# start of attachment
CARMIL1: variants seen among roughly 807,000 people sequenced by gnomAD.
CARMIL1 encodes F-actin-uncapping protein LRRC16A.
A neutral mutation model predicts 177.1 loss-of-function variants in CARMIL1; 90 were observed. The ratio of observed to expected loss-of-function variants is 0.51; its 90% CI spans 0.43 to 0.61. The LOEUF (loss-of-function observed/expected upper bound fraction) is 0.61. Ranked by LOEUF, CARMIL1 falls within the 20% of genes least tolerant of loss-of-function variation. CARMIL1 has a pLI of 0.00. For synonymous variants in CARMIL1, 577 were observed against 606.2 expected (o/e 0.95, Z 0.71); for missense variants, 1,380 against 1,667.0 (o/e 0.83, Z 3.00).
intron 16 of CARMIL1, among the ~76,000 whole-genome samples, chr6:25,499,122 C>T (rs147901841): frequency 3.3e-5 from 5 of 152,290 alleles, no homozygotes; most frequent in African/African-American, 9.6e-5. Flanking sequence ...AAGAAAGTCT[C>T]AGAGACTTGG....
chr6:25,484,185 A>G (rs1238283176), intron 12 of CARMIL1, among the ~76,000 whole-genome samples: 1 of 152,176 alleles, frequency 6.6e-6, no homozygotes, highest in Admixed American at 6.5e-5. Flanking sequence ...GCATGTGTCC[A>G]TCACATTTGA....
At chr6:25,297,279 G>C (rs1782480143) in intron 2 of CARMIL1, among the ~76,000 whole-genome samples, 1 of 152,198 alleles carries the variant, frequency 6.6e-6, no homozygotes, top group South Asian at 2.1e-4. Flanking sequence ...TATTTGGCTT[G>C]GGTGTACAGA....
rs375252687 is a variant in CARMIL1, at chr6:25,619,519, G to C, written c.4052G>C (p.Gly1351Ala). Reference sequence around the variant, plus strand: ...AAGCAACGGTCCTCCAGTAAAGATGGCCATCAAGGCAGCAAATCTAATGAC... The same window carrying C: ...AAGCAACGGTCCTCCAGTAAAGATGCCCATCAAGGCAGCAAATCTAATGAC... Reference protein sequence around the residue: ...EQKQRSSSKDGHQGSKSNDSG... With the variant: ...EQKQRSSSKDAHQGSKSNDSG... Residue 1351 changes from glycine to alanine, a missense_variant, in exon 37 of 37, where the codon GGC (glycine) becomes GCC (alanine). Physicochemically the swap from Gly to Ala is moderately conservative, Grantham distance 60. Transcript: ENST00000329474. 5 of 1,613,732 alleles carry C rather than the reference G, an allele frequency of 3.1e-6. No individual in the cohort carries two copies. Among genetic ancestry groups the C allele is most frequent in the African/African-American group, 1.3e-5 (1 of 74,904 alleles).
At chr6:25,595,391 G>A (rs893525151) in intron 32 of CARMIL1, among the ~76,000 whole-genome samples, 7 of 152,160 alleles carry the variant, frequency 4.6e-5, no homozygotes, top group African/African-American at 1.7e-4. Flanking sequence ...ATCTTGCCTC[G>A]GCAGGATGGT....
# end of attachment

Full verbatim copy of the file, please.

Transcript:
CARMIL1: variants seen among roughly 807,000 people sequenced by gnomAD.
CARMIL1 encodes F-actin-uncapping protein LRRC16A.
A neutral mutation model predicts 177.1 loss-of-function variants in CARMIL1; 90 were observed. The ratio of observed to expected loss-of-function variants is 0.51; its 90% CI spans 0.43 to 0.61. The LOEUF (loss-of-function observed/expected upper bound fraction) is 0.61. Ranked by LOEUF, CARMIL1 falls within the 20% of genes least tolerant of loss-of-function variation. CARMIL1 has a pLI of 0.00. For synonymous variants in CARMIL1, 577 were observed against 606.2 expected (o/e 0.95, Z 0.71); for missense variants, 1,380 against 1,667.0 (o/e 0.83, Z 3.00).
intron 16 of CARMIL1, among the ~76,000 whole-genome samples, chr6:25,499,122 C>T (rs147901841): frequency 3.3e-5 from 5 of 152,290 alleles, no homozygotes; most frequent in African/African-American, 9.6e-5. Flanking sequence ...AAGAAAGTCT[C>T]AGAGACTTGG....
chr6:25,484,185 A>G (rs1238283176), intron 12 of CARMIL1, among the ~76,000 whole-genome samples: 1 of 152,176 alleles, frequency 6.6e-6, no homozygotes, highest in Admixed American at 6.5e-5. Flanking sequence ...GCATGTGTCC[A>G]TCACATTTGA....
At chr6:25,297,279 G>C (rs1782480143) in intron 2 of CARMIL1, among the ~76,000 whole-genome samples, 1 of 152,198 alleles carries the variant, frequency 6.6e-6, no homozygotes, top group South Asian at 2.1e-4. Flanking sequence ...TATTTGGCTT[G>C]GGTGTACAGA....
rs375252687 is a variant in CARMIL1, at chr6:25,619,519, G to C, written c.4052G>C (p.Gly1351Ala). Reference sequence around the variant, plus strand: ...AAGCAACGGTCCTCCAGTAAAGATGGCCATCAAGGCAGCAAATCTAATGAC... The same window carrying C: ...AAGCAACGGTCCTCCAGTAAAGATGCCCATCAAGGCAGCAAATCTAATGAC... Reference protein sequence around the residue: ...EQKQRSSSKDGHQGSKSNDSG... With the variant: ...EQKQRSSSKDAHQGSKSNDSG... Residue 1351 changes from glycine to alanine, a missense_variant, in exon 37 of 37, where the codon GGC (glycine) becomes GCC (alanine). Physicochemically the swap from Gly to Ala is moderately conservative, Grantham distance 60. Transcript: ENST00000329474. 5 of 1,613,732 alleles carry C rather than the reference G, an allele frequency of 3.1e-6. No individual in the cohort carries two copies. Among genetic ancestry groups the C allele is most frequent in the African/African-American group, 1.3e-5 (1 of 74,904 alleles).
At chr6:25,595,391 G>A (rs893525151) in intron 32 of CARMIL1, among the ~76,000 whole-genome samples, 7 of 152,160 alleles carry the variant, frequency 4.6e-5, no homozygotes, top group African/African-American at 1.7e-4. Flanking sequence ...ATCTTGCCTC[G>A]GCAGGATGGT....